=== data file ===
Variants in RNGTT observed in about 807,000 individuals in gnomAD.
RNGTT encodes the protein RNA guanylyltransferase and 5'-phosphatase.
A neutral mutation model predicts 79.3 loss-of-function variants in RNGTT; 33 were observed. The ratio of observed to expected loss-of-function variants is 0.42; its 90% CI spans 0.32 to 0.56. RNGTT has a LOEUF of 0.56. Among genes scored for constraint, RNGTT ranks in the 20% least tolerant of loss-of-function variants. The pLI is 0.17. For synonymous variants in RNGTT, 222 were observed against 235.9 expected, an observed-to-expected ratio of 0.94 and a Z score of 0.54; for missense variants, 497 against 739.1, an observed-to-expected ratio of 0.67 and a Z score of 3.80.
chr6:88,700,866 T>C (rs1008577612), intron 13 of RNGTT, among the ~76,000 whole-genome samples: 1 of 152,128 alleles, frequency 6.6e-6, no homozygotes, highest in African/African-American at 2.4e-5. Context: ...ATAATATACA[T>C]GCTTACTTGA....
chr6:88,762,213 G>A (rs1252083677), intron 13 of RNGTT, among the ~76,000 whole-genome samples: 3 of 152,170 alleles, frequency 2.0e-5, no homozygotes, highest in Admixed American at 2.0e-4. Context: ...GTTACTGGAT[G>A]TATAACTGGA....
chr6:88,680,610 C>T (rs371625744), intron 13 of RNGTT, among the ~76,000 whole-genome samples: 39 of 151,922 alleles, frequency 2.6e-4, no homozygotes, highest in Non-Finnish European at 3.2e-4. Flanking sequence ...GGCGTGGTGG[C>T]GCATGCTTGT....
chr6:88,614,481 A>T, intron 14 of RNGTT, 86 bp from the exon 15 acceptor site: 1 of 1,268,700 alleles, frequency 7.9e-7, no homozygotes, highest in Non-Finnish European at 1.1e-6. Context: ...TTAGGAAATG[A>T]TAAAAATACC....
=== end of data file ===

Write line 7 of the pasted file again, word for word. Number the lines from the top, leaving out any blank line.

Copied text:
chr6:88,614,481 A>T, intron 14 of RNGTT, 86 bp from the exon 15 acceptor site: 1 of 1,268,700 alleles, frequency 7.9e-7, no homozygotes, highest in Non-Finnish European at 1.1e-6. Context: ...TTAGGAAATG[A>T]TAAAAATACC....